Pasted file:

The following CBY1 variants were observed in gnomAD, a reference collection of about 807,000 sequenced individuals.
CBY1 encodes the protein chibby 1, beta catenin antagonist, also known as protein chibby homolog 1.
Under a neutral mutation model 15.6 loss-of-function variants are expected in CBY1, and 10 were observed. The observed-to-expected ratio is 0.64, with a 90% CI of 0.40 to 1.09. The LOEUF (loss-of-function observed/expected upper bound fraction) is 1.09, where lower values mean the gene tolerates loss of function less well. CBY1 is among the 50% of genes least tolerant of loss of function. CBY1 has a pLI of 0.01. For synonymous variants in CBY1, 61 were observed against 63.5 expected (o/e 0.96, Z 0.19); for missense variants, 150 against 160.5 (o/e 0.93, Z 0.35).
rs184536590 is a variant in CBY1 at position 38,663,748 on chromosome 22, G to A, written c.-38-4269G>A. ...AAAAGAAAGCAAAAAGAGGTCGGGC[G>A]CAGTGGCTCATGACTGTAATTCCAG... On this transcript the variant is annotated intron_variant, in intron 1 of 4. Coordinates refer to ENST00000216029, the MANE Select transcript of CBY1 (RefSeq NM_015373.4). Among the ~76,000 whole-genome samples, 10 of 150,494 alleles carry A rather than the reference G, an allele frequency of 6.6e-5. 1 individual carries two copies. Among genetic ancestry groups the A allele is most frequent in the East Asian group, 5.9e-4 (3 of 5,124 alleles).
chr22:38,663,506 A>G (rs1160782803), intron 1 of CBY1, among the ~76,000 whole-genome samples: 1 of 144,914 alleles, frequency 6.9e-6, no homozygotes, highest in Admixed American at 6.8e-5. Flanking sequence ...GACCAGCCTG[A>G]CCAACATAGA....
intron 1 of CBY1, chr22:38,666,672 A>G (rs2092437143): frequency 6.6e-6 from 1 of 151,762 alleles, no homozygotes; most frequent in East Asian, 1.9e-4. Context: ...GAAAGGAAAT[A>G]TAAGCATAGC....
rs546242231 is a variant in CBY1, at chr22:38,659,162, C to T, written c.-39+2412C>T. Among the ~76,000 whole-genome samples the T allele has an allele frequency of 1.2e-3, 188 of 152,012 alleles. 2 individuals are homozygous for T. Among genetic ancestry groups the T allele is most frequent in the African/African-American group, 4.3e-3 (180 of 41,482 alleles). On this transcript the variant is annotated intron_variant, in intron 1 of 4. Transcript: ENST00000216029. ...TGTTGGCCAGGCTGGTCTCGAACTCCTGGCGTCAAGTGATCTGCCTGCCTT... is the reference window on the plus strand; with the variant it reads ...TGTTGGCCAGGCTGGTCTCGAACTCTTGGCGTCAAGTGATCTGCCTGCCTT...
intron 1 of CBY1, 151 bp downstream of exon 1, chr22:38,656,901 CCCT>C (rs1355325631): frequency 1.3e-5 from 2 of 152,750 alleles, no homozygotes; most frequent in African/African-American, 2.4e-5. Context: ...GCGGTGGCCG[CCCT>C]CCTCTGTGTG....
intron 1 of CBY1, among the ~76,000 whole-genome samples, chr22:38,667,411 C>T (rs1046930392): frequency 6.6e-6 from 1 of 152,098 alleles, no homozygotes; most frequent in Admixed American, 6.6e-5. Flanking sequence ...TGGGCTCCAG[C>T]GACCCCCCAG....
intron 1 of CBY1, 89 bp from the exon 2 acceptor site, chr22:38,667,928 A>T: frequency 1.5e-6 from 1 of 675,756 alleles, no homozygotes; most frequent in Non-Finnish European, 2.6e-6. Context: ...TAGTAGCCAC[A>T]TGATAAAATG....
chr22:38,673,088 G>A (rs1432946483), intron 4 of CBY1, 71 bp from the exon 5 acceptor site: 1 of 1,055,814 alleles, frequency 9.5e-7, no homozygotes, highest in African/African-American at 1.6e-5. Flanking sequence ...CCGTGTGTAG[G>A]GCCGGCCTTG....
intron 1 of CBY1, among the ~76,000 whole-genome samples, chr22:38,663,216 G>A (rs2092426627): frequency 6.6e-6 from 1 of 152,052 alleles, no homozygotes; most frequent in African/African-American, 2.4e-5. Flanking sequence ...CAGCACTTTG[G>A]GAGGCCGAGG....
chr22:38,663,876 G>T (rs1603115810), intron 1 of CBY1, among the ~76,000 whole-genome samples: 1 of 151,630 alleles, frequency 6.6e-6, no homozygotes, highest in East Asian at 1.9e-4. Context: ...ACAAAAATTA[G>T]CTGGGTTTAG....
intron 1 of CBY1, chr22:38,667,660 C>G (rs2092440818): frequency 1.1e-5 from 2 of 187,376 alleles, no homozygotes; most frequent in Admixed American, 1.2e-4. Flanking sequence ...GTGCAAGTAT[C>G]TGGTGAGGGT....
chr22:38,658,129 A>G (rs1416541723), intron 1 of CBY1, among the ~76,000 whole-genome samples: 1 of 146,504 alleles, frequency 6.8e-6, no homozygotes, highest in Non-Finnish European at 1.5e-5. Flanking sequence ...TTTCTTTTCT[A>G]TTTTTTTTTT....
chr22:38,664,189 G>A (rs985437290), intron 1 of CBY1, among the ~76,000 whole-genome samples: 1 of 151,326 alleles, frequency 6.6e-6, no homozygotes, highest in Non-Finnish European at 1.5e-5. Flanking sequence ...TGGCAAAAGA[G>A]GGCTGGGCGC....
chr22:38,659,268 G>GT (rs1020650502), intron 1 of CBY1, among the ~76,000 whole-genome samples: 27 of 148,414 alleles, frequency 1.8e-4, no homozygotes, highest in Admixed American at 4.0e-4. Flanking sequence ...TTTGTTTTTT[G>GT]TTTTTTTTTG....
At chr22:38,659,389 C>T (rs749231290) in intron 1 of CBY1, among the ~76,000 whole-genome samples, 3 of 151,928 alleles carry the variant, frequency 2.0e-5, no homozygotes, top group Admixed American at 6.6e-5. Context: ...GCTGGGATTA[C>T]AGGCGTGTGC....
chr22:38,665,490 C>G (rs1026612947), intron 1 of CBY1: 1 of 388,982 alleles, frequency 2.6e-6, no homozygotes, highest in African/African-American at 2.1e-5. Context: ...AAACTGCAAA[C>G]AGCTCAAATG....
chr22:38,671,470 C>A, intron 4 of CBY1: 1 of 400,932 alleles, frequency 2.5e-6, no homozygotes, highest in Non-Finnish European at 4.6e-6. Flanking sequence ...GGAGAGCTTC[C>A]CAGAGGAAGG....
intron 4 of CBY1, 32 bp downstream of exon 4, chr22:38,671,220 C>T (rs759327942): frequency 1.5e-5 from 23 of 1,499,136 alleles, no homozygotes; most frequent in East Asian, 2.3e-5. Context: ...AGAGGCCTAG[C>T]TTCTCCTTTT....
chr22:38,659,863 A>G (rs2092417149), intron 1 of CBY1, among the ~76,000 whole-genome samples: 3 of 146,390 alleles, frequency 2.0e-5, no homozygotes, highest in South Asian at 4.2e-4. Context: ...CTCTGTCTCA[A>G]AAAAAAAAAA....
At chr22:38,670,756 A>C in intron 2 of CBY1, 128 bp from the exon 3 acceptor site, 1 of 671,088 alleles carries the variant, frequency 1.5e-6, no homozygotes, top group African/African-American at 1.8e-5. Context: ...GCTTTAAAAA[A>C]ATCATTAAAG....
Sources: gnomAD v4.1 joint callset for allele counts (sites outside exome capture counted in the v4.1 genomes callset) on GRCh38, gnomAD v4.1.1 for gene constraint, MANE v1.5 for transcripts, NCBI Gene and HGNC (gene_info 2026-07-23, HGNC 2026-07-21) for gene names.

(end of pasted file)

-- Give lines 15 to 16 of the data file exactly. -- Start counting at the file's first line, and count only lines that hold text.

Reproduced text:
chr22:38,658,129 A>G (rs1416541723), intron 1 of CBY1, among the ~76,000 whole-genome samples: 1 of 146,504 alleles, frequency 6.8e-6, no homozygotes, highest in Non-Finnish European at 1.5e-5. Flanking sequence ...TTTCTTTTCT[A>G]TTTTTTTTTT....
chr22:38,664,189 G>A (rs985437290), intron 1 of CBY1, among the ~76,000 whole-genome samples: 1 of 151,326 alleles, frequency 6.6e-6, no homozygotes, highest in Non-Finnish European at 1.5e-5. Flanking sequence ...TGGCAAAAGA[G>A]GGCTGGGCGC....